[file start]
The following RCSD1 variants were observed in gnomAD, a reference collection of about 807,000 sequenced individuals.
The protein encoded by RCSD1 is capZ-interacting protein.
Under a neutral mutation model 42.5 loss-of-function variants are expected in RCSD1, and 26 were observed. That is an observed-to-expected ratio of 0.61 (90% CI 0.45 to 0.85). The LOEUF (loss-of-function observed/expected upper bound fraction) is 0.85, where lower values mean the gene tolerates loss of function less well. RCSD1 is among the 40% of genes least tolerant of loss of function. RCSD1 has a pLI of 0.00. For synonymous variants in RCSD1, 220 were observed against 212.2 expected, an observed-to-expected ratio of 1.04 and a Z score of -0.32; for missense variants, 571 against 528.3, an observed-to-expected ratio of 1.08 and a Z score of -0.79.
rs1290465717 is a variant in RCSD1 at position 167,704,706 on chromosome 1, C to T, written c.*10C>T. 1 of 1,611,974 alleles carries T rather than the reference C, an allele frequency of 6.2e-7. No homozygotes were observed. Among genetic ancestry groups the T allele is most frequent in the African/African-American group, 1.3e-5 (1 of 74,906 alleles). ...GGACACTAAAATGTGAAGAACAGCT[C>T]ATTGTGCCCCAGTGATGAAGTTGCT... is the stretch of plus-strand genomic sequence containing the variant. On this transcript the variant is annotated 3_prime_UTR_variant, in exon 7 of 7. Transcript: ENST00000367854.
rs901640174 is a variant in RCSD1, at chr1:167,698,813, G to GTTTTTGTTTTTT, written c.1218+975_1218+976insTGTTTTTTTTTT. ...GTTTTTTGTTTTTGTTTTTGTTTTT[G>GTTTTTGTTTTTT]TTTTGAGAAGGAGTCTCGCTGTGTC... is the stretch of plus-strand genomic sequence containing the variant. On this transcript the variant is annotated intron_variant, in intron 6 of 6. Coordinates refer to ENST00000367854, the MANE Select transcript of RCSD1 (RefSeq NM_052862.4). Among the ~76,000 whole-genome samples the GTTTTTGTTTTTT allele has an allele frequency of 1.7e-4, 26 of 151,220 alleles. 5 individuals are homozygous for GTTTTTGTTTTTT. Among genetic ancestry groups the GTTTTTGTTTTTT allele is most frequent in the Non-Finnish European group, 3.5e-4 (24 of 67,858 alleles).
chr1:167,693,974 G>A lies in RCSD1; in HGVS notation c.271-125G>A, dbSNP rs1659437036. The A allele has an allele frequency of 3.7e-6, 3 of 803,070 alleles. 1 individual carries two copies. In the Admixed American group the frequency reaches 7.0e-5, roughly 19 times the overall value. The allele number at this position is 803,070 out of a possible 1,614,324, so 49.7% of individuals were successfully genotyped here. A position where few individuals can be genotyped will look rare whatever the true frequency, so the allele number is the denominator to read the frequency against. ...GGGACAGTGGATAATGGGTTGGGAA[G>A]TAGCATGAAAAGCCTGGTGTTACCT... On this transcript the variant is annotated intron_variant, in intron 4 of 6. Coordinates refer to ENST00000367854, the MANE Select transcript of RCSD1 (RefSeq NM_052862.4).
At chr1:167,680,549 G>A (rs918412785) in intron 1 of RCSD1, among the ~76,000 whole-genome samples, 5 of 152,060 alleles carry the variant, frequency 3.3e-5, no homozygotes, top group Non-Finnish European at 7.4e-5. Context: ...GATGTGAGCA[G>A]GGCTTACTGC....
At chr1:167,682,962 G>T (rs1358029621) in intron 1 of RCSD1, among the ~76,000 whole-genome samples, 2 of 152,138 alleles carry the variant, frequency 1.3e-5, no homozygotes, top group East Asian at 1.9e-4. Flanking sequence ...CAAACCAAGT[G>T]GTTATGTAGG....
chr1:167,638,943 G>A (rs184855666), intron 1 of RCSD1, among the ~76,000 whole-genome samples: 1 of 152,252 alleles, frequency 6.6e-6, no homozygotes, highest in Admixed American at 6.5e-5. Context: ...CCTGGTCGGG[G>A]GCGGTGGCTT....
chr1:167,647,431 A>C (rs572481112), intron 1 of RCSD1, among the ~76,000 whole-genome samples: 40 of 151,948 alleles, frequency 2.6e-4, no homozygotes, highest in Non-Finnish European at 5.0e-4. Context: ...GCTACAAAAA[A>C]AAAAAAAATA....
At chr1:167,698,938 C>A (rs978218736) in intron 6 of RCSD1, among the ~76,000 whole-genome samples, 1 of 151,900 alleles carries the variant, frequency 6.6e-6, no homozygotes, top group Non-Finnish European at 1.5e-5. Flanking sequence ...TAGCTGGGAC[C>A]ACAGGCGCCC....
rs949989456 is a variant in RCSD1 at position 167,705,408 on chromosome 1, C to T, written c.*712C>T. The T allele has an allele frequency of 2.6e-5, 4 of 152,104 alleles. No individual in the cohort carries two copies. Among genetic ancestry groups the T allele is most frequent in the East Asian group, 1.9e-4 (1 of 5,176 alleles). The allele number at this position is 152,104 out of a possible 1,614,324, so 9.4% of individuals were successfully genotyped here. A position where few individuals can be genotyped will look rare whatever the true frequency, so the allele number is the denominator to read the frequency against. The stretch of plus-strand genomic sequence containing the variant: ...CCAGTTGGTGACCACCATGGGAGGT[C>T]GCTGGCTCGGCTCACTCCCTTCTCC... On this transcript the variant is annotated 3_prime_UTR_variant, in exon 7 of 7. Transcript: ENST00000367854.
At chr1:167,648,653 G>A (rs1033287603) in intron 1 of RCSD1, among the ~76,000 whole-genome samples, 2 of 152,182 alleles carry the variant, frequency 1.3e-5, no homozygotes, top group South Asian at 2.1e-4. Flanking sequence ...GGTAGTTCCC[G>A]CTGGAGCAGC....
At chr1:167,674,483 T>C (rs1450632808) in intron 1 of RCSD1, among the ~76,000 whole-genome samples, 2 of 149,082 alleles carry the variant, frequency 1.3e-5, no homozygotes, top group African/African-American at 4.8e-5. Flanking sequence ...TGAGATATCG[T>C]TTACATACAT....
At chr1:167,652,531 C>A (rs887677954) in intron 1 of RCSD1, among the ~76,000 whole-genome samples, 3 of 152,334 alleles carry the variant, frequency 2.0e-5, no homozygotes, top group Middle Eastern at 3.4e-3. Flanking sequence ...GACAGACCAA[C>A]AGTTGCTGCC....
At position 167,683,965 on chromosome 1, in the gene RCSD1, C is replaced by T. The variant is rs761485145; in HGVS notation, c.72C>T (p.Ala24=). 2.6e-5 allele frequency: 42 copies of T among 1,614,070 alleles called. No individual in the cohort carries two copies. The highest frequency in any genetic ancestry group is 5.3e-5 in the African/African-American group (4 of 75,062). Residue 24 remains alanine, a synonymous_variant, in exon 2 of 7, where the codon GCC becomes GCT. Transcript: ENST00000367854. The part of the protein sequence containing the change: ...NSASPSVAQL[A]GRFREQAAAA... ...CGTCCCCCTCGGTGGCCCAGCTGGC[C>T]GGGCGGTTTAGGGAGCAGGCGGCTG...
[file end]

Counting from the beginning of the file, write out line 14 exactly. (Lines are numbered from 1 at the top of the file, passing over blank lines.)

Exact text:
At chr1:167,674,483 T>C (rs1450632808) in intron 1 of RCSD1, among the ~76,000 whole-genome samples, 2 of 149,082 alleles carry the variant, frequency 1.3e-5, no homozygotes, top group African/African-American at 4.8e-5. Flanking sequence ...TGAGATATCG[T>C]TTACATACAT....